Michael A Selzer

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High patient drop-out rates have traditionally interfered with both treatment and study of patients with borderline personality disorder (BPD). The authors tested hypotheses that an adequate treatment contract, a positive therapeutic alliance, and the severity of illness would all correlate with continuation of treatment versus drop-out in a BPD cohort(More)
This study aimed to identify patient factors that predict early dropout from psychodynamic psychotherapy for borderline personality disorder (BPD). Thirty-six BPD patients began an open-ended course of twice per week psychodynamic psychotherapy that was defined in a treatment manual and supervised. Dropout rates were 31% and 36% at 3 and 6 months of(More)
This article has attempted to combine a theoretical and practical approach to the challenge presented in psychotherapy of paranoid and delusional patients. The essential ingredients of psychotherapy of non-psychotic patients--such as the frame, the therapeutic alliance, transference, countertransference, and interpretation--all play roles in the(More)
Some schizophrenic patients claim that their personalities have been damaged or destroyed so that they bear little or no resemblance to their former selves. This assertion has several unfortunate consequences: patients believe that they no longer have access to skills they had acquired previously, and they believe that understanding their past has no(More)
A pilot study on the process of psychodynamic psychotherapy of borderline personality disorder at the Cornell University Medical College is designed to investigate the teaching and application of a specific model of treatment for borderline patients (Clarkin et al. 1992; Kernberg and Clarkin 1992). The project has involved teaching a group of self-selected(More)
The Dynamic Assessment Interview (DAI) is a semi-structured interview with anchored scales to rate patients; suitability for psychodynamic psychotherapy. The DAI was inspired by the Personality Assessment Interview developed by Selzer et al. in 1987 and it introduces from the beginning of the assessment interview an explicit focus on the patient's immediate(More)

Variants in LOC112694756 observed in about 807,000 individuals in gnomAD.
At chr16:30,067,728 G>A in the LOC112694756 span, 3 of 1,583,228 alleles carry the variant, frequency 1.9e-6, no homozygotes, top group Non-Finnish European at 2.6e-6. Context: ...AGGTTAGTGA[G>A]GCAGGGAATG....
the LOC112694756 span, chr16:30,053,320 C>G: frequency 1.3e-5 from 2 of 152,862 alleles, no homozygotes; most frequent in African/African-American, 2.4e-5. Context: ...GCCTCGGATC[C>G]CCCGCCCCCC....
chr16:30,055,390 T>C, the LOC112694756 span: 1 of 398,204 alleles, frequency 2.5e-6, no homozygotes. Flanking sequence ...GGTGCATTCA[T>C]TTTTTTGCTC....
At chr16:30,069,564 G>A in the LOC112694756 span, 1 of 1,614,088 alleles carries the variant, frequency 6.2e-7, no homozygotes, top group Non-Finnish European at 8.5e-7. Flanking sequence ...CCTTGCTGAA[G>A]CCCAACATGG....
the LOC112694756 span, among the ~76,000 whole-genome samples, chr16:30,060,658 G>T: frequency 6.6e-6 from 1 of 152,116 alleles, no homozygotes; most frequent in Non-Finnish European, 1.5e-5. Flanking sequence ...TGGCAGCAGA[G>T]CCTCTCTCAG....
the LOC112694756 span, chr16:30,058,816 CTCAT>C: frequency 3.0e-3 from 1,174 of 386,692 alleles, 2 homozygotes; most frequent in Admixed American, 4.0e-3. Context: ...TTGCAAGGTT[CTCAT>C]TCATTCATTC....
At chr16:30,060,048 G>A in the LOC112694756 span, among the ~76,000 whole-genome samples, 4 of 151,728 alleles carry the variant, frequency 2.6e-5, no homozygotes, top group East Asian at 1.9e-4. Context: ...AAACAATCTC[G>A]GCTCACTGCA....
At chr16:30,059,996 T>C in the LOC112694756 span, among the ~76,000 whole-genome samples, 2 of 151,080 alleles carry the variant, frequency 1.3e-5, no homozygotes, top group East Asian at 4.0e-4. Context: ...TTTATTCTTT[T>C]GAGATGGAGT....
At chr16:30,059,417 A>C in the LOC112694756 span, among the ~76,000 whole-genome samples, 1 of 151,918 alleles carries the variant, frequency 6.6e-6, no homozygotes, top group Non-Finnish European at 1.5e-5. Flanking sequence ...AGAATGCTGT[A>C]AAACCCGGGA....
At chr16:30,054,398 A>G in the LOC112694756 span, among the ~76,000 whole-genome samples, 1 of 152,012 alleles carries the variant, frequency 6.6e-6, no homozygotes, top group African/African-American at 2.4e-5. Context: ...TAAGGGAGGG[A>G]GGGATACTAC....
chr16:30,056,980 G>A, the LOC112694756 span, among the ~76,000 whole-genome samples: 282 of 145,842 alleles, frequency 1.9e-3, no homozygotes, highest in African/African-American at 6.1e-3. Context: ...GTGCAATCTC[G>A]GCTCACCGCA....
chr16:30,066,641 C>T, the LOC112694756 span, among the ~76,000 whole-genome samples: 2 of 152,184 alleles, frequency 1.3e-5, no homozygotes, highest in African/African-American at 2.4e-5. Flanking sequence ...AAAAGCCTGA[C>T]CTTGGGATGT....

When something in common can be found to establish relatedness; when therapists can trust that the patients will eventually be able to contain their destructiveness and that on some level they struggle with their pathology, then patients begin to identify with their therapists and with those aspects within themselves. This activity requires that first a(More)
The initial treatment contract with a borderline patient recognizes the patient's potential for destructiveness and builds in safeguards. The therapist's effort to protect the treatment mobilizes the patient's primitive defenses. The therapist must be prepared to respond to resistance to the contract by clarification, confrontation, and occasionally(More)
This is the first report of the Personality Assessment Interview (PAI), a new clinical and research instrument designed to address the need for a theoretically sound, clinically relevant, comprehensive yet easily administered method for assessing personality organization. By personality organization we mean those structures that stabilize the mental(More)